This may be the longest gap in my Carr reading since I started this whole thing. I read The Blind Barber nearly three months ago, and I’ve only now gotten back to Carr. It wasn’t that I didn’t enjoy my last read – it was much better than everyone seems to think it is – but rather that The Ghosts’ High Noon is so damn long. Well, not that long in the scheme of things – a mere 300 pages – but longer than your typical Golden Age detective fiction (I realize we’re about twenty five years past the period on this one). Plus, it’s stuffed in this Carroll and Graff edition that packs 300 pages in twice the height of your typical 40-60’s paperback, so it looks damn formidable.
Formidable because of when it was published – 1970. John Dickson Carr’s better days had passed by the mid-sixties. His previous novel, Papa La Bas (1968) has no redeeming value and was quite a chore to get through – dragged across three weekends if I recall correctly. And so 300 pages of a potentially awful read wasn’t exactly an exciting prospect.
Well, I did it – aided by some travel that gave me plenty of concentrated reading time – and it wasn’t half bad. To be clear, this isn’t a book that I’d recommend to anyone other than a Carr completist, but it is an acceptable read – on par with Carr’s final novel, the unfairly maligned The Hungry Goblin.
At this point in his career, Carr had moved from England to the southern US, and the settings of his final novels moved along with him. After a brief opening in New York and a pause in Washington DC, we find ourselves in the New Orleans of 1912. A northern newspaper reporter has been sent into town to see if any scandal can be raked up on a local politician, and, well, that’s all that you really need to know. There’s a love at first sight romance, typical for Carr, although this one is surrounded by a bit of intrigue in that the female side of the equation proves frustratingly elusive for the male lead.
Perhaps midway through the book, we’re treated to an impossible crime involving a man driving into a carriage house and committing suicide in front of several witnesses, yet somehow the gun that he shot himself with can’t be found. Carr’s historical novels mostly lacked true impossibilities, but the author dusted his specialty off for his final four novels. That isn’t to say that they’re that good. I find myself debating whether I’ve read too many of these locked room mysteries or whether this one is just extremely obvious. I can’t imagine any reader not immediately jumping to the conclusion that Carr seems to think he’s masking, but then again, others have seen through Carr solutions that left me utterly shocked.
What Carr’s historical mysteries may lack in the impossibility department, they typically make up in their sense of adventure and lush historical trivia. Unfortunately The Ghosts’ High Noon is a little late in Carr’s career for those aspects to really resonate. Carr’s no longer painting the scene of an era gone by, but rather stuffing historical trivia in by the awkward fistful. There are some interesting bits about the automobiles of the day, and perhaps the use of phones was more prominent in 1912 than I realized, but it’s clumsier than his first run of historicals.
The plotting of the book is better than I anticipated, but the writing has gone downhill in a particular way. Carr spent a good deal of his post-War career writing for radio, and it seems to have influenced his story telling in his final decades. Describing a scene via dialog may be necessary in doing an audio play, but it’s downright alien on the written page.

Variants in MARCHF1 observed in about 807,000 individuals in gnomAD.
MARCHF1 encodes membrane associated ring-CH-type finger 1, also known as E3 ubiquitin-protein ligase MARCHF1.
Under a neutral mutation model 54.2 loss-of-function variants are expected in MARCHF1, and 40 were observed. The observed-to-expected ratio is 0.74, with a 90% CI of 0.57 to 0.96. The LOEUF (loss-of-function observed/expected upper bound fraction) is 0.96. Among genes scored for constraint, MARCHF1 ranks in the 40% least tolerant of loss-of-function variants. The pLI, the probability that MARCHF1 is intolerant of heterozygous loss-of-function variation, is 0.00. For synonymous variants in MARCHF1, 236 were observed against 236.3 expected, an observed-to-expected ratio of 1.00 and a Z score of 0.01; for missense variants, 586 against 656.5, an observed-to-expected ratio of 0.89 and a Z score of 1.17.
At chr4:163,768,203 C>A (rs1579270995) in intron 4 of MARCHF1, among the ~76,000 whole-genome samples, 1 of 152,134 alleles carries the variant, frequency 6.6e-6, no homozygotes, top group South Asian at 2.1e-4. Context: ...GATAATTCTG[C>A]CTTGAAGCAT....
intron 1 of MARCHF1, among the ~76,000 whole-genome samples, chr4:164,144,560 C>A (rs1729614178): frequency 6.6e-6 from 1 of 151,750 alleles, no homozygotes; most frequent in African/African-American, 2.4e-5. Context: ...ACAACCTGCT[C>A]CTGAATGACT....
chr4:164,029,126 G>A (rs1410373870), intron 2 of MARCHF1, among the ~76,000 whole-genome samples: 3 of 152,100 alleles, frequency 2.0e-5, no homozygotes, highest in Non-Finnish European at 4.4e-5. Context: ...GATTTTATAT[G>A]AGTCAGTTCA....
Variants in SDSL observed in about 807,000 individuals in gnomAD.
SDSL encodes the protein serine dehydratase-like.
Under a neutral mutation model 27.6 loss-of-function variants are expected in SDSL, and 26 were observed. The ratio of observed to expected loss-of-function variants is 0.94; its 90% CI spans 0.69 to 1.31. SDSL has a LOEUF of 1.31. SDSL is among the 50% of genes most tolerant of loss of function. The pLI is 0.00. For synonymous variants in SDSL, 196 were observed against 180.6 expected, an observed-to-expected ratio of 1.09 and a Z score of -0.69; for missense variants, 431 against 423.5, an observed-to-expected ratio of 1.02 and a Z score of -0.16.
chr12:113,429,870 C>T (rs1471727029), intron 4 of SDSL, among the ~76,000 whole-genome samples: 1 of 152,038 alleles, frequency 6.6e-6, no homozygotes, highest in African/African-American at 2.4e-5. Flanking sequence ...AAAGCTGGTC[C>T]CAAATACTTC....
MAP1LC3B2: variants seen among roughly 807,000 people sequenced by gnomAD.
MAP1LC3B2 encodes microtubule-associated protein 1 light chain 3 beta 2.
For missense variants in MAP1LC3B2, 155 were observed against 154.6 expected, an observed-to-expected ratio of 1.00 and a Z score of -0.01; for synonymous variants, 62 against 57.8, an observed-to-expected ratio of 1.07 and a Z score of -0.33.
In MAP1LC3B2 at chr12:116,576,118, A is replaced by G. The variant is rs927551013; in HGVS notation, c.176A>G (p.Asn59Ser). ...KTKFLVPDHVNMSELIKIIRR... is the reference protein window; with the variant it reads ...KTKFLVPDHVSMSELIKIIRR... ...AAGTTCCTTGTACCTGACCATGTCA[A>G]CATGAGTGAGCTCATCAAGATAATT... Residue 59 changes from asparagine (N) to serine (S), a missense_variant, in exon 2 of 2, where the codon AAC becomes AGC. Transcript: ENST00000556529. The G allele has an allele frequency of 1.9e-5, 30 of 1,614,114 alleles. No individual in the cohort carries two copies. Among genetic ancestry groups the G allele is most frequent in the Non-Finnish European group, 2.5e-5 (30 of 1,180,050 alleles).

“With my right hand I turn the knob of the door. We push through, we turn a little to the left, and…here in this aisle I set you down.”
Yes, that’s an actual quote. You’d think you’ve stumbled upon a world made up completely of the blind when treated to the awkward explanations of what any character could plainly see.
“If you’d mind drawing your chair round a little closer to mine? These tables are circular, which makes it easier. There!”
If you can overlook those bits then this is a decent story. The final third contains quite a bit of discovery, with Carr wrapping up the bit of romantic intrigue, a minor impossibility not worth detailing, and of course the core impossible crime. As previously mentioned, one aspect of the impossible crime was obvious, but it was still interesting to see it all put together. The real beautiful part is a bit of misdirection that occurs earlier in the story that in retrospect feels blindingly obvious. That bit of satisfaction isn’t worth recommending the book, but it’s the one fond memory having read it.
The minor romantic side story is wrapped up with a comically long explanation of the sort typically reserved for a full on murder denouement. It’s as if Carr thought that the reader would be completely enthralled by the bits of intrigue that were thrown into the storyline and felt that a twenty page explanation verging on a Gideon Fell lecture was necessary to appease their curiosity.
There is a particularly vile subject needlessly included in the story, and I’m not even going to mention what it is. That Carr treats it with a “men will be men” attitude is beyond me, and I could imagine some readers just shutting the book.
As a bit of trivia, there is a minor tie in with Carr’s preceding novel, Papa La Bas. Not only do both stories take place in New Orleans, but two characters from Papa La Bas make a brief appearance, although they’re decades older. I won’t mention the characters by name, as I believe they were both suspects in the earlier book.
There aren’t that many editions of The Ghosts’ High Noon available. Unless you snag a hard cover you’ll probably end up with my Carroll and Graff edition from 1970. The only thing really notable about it is the completely random illustration on the cover. I can’t think of any scene that would have involved a woman standing at the base of a staircase like that.